How a good teacher can boost your child’s future INCOME: Kids in the most effective reception class earn up to £7,500 more, study finds
- Study suggests future earnings are influenced by teachers when kids are just 4
- Pupils in the most effective classes earn £2,000-£7,500 more on average
- It comes as research found strict teachers are worse at inspiring pupils
Children who are taught well during their first year of primary school are likely to earn more than their peers in later life, a study has shown.
Pupils in the most effective reception classes can expect to earn between £2,000 and £7,500 more on average than their peers, research by Durham University and the Department for Education suggests.
The study estimates that the top 2.5 per cent reception classes of 27 pupils could add between £50,000 and £200,000 to the UK economy – the equivalent of around £4,400 per pupil.
Research by Durham University has previously shown that children who were taught well in their first year of primary school go on to achieve better GCSE results in English and maths.
Children who are taught well during their first year of primary school are likely to earn more than their peers in later life, a study has shown (stock image)
The latest report – titled The economic benefits of effective Reception classes in England – suggests future earnings are influenced by teachers when children are as young as four.
The social and economic returns from investments in high-quality reception classes may also be ‘much larger’ than the study’s estimates, especially for disadvantaged pupils, the paper says.
Professor Peter Tymms, from Durham University’s School of Education, said: ‘We have previously shown that exceptional teaching in reception can have a long-term impact – up to GCSE level – but now, working with the Department for Education, we have been able to show that it has an influence on later earnings too.
‘Many will be surprised to see this but it shows the importance of great teachers working with young children.’
Researchers used two previous studies – one on the impact of reception classes on GCSE attainment and the other on earnings returns associated with GCSEs – to estimate the changes in earnings.
A range of social and economic factors that could have skewed the results were taken into account – including children’s age, sex, ethnicity, special needs, English as an additional language and deprivation.
Pupils in the most effective reception classes can expect to earn between £2,000 and £7,500 more on average than their peers (stock image)
James Bowen, director of policy for school leaders’ union NAHT, said: ‘As this report shows, the early years of a child’s education are crucial to setting children up for the best success, both in terms of their future academic attainment and their life chances.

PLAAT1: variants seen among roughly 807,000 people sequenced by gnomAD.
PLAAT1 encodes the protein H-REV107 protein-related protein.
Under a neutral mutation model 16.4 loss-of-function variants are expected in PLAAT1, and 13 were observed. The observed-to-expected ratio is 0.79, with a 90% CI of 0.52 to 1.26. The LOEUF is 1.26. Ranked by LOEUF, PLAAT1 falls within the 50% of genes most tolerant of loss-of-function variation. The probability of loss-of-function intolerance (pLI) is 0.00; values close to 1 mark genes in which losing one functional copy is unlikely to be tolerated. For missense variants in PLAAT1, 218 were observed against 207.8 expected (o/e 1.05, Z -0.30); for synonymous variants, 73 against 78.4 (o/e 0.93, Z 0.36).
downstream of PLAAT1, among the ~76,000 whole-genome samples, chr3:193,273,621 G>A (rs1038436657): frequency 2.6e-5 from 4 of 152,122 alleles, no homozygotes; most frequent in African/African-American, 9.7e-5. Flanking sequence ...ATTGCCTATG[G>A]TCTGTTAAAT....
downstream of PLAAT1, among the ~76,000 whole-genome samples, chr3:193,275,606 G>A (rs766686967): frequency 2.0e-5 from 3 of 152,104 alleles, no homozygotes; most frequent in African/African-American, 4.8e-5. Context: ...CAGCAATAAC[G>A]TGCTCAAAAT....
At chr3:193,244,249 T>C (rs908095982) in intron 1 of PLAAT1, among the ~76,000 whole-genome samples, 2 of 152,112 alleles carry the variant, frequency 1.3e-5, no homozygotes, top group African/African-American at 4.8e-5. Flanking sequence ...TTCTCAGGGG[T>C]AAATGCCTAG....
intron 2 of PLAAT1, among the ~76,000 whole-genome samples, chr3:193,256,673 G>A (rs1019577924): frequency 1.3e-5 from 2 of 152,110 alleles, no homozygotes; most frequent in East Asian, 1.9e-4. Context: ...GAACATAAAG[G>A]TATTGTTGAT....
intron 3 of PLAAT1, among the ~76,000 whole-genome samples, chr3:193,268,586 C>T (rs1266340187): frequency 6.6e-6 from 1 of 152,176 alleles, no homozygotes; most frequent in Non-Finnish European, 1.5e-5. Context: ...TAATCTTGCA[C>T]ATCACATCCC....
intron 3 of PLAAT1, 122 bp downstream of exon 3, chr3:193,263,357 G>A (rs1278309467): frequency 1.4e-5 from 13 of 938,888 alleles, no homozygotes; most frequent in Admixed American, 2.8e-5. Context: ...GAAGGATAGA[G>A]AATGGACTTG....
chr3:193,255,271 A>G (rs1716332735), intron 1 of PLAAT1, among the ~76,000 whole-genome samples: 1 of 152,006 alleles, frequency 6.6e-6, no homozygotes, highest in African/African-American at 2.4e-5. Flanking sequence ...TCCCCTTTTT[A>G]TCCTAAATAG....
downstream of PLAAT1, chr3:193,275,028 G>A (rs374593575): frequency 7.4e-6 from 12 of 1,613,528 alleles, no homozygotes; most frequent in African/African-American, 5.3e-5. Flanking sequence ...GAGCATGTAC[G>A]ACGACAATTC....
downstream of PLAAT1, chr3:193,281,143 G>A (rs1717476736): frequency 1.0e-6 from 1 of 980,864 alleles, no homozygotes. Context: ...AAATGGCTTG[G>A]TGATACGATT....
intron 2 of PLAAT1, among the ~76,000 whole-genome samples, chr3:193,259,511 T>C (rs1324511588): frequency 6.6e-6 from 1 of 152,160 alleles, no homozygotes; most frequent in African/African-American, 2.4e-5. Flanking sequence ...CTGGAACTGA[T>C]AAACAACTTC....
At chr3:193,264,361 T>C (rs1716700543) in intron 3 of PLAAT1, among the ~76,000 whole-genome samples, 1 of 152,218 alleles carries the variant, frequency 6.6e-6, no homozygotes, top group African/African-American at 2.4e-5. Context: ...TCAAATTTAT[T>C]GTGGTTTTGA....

‘While we should not be trying to ‘hothouse’ young children, it is clear that great teachers in reception classes make a real difference.
‘However, we also need to recognise that the years before a child enters reception are just as important, and the challenges some children face start well before they arrive at school.’
A Department for Education spokesperson said: ‘Early literacy and numeracy can improve life chances, and findings from this analysis report shows the importance of investing in maths and English in primary schools.
‘Our approach as a Government over the last decade has been on raising standards, particularly in primary schools, which is why we have introduced the phonics screening and multiplication tables checks, to improve children’s fluency in literacy and mathematics.’
WHAT ARE THE DIFFERENT LEARNING STYLES?
A popular and long-standing theory in the field of education claims that people, and children especially, are more receptive to certain methods of learning.
It states that people will often fall into one of three main categories: Auditory, visual and kinesthetic.
There can be cross-over between different styles but a person will favour one method more, claim experts.
A visually-dominant learner absorbs and retains information better when it is presented in, for example, pictures, diagrams and charts.
An auditory-dominant learner prefers listening to what is being presented. He or she responds best to voices, for example, in a lecture or group discussion.
People will often fall into one of three main categories: Auditory, visual and kinesthetic. There can be cross-over between different styles but a person will favour one method more, claim experts
Hearing his/ her own voice repeating something back to a tutor or trainer is also helpful.
A kinesthetic-dominant learner prefers a physical experience. She likes a ‘hands-on’ approach and responds well to being able to touch or feel an object or learning prop.
Although it has been around for a long time, and is backed by 96 per cent of teachers, recent studies have found that the concept is inherently flawed.
Many researchers believe that the concept is wrong and people do not have a preferred learning method.
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